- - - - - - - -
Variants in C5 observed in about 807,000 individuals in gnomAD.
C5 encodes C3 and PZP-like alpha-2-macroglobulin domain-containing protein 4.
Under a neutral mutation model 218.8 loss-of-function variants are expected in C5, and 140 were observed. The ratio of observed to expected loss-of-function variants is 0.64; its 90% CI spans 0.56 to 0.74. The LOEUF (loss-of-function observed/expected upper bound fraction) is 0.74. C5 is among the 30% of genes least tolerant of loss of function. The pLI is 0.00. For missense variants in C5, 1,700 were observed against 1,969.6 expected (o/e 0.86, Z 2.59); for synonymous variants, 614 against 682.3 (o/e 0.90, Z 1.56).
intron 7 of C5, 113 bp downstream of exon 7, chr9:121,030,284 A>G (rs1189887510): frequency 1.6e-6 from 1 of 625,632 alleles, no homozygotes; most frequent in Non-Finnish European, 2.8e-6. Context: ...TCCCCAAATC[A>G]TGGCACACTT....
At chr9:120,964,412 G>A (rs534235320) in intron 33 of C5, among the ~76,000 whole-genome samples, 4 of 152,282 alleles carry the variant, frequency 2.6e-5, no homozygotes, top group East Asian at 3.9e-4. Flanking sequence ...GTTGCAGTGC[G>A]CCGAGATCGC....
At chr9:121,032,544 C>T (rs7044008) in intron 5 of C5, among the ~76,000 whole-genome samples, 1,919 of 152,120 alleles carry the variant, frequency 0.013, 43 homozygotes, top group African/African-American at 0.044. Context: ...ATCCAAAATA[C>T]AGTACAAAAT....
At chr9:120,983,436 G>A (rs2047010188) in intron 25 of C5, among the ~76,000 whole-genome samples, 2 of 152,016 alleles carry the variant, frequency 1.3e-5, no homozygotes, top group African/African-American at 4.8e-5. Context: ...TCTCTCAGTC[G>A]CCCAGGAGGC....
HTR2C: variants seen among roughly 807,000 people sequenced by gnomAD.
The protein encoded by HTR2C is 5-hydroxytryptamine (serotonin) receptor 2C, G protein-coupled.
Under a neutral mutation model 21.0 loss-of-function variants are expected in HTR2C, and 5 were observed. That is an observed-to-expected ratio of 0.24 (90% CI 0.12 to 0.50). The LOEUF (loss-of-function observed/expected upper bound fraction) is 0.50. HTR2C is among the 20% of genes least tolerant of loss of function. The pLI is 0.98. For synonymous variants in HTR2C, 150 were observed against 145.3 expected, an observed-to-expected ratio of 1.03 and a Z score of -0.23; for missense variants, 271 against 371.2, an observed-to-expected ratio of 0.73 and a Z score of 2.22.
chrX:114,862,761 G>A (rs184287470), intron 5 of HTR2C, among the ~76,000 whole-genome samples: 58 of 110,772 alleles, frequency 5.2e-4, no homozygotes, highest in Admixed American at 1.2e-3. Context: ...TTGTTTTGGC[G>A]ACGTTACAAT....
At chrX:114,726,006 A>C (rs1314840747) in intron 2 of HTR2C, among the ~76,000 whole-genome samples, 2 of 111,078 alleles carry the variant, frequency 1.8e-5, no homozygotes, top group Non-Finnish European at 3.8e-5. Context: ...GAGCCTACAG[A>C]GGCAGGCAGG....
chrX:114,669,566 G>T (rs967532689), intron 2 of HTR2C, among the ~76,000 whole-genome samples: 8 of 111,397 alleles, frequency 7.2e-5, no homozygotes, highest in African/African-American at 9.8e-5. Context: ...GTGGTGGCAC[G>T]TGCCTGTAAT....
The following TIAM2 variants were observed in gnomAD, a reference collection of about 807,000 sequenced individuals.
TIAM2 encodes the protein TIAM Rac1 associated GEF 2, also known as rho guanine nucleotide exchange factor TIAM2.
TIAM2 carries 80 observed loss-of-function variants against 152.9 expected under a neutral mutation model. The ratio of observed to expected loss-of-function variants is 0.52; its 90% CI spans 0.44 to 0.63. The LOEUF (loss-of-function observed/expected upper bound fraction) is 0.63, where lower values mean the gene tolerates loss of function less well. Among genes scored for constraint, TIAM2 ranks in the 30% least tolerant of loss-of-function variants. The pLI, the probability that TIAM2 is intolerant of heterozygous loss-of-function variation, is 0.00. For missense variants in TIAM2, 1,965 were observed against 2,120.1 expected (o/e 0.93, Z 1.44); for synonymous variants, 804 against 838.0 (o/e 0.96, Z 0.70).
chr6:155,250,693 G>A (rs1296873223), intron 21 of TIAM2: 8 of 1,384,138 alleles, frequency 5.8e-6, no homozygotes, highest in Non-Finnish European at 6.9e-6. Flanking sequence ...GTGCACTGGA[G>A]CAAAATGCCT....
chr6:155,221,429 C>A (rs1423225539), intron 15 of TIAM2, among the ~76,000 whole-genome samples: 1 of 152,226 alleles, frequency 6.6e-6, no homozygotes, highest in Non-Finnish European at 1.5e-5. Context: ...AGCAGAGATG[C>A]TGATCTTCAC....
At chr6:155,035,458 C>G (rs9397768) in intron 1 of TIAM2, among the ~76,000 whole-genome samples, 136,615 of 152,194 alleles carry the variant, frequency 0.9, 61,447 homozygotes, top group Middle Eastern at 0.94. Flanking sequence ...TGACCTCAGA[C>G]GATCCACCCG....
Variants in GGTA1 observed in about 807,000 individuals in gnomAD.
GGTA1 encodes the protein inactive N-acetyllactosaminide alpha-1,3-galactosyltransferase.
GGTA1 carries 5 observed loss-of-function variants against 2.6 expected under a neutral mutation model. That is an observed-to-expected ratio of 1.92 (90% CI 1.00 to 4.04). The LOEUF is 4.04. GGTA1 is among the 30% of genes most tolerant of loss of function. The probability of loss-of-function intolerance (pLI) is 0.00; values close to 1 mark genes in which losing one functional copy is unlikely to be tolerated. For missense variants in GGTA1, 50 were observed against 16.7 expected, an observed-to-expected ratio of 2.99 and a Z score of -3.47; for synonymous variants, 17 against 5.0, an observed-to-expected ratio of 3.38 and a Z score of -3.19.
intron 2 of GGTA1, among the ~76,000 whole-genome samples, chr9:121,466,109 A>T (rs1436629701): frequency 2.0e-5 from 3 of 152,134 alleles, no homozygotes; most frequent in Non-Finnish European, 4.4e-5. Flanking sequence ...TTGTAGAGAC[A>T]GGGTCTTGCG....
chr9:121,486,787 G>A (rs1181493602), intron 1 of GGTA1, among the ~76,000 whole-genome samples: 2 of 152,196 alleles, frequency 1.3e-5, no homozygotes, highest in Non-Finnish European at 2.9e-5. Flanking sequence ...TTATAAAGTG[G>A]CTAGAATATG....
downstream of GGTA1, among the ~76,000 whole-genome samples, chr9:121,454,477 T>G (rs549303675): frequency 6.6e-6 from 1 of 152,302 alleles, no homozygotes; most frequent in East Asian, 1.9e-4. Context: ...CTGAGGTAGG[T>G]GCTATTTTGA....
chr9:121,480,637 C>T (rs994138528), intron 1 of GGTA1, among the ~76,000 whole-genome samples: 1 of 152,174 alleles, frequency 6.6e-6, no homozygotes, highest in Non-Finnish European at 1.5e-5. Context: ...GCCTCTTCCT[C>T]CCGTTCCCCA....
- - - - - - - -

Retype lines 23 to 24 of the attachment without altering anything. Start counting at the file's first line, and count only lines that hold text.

intron 2 of GGTA1, among the ~76,000 whole-genome samples, chr9:121,466,109 A>T (rs1436629701): frequency 2.0e-5 from 3 of 152,134 alleles, no homozygotes; most frequent in Non-Finnish European, 4.4e-5. Flanking sequence ...TTGTAGAGAC[A>T]GGGTCTTGCG....
chr9:121,486,787 G>A (rs1181493602), intron 1 of GGTA1, among the ~76,000 whole-genome samples: 2 of 152,196 alleles, frequency 1.3e-5, no homozygotes, highest in Non-Finnish European at 2.9e-5. Flanking sequence ...TTATAAAGTG[G>A]CTAGAATATG....